ABSTRACT:

Compacted clay fill is a widely accepted construction material with measurable properties and predictable performance. This paper explores weakening of an adequately compacted clay fill that resulted in slope failures. Raby Bay Canal Estate is situated on the southeast Queensland coastline as a staged development of cut-to-fill earthworks in high plasticity clay soils. Final canal banks consist of various zones of compacted clay material overlying residual clays. Revetments consist of low concrete retaining walls with rockfill mattresses extending down to lowest tide level. During construction some failures occurred during excavation of slopes in fissured residual clays. More widespread post-construction slope failures have occurred in several stages of the estate, with repairs including piled support for the concrete walls. Initially there was reluctance to accept that these failures developed in compacted clay that had passed testing in accordance with specifications. Investigations were undertaken to identify weakening and potential future failures, with field and laboratory tests including simple wetting-up procedures. The processes leading to failure are not completely understood but involve clay mineralogy, initial fabric, and drying and wetting effects on plasticity. The constructed slope batter angle is almost identical to the softened peak friction angle, while the residual friction angle is significantly lower. The as-compacted clay fill fabric must be virtually free of defects, which is not easy to achieve at edges and between layers using typical construction specifications.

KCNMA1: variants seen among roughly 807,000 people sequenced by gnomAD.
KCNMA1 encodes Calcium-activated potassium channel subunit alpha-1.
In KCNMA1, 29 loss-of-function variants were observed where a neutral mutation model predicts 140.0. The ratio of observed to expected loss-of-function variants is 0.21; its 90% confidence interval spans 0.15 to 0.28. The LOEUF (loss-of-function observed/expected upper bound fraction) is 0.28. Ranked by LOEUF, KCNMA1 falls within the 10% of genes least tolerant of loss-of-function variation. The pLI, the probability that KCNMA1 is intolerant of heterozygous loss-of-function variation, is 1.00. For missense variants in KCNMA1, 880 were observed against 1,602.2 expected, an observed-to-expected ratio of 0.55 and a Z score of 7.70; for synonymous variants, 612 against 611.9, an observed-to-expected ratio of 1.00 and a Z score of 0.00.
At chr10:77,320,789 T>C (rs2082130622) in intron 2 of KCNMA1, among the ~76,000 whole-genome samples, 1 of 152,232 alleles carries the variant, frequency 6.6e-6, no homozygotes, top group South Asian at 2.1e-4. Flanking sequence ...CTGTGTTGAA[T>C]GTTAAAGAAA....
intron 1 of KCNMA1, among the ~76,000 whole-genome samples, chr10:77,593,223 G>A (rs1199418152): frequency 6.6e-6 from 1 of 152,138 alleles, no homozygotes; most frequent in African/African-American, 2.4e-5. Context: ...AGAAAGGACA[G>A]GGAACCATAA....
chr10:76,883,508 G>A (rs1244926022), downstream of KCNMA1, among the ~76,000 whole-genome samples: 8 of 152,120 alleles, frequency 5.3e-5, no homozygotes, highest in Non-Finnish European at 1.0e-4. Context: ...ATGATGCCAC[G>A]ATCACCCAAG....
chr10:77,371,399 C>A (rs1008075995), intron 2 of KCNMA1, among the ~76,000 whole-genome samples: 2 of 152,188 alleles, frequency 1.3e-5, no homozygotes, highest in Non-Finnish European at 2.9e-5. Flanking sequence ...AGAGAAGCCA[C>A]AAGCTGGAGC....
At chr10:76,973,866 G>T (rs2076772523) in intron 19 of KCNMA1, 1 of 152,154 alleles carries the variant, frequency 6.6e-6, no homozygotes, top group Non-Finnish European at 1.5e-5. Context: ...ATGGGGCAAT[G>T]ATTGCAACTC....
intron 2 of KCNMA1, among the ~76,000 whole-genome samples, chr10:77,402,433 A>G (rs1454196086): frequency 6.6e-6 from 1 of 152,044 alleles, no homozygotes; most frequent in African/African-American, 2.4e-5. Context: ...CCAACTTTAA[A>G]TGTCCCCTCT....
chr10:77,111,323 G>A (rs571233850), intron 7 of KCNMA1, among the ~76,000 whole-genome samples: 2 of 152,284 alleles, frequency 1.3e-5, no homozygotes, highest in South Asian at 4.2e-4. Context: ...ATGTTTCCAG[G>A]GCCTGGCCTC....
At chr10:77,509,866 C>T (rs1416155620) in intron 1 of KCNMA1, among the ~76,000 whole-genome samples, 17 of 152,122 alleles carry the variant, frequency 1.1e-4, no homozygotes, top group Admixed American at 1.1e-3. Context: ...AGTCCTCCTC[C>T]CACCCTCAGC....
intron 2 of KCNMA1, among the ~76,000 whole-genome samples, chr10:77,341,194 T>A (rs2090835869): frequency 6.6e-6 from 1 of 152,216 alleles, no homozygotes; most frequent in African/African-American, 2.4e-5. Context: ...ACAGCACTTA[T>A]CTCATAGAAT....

INTRODUCTION

Many residential canal estates have been developed along the southeast Queensland coast, a region of rapid population growth and urbanisation. During and since this time there have been several areas of canal bank failure, some during construction but many developing after several years. The local government authority maintains the canalside of the concrete headwalls of the revetments, and was concerned about potential future failures.

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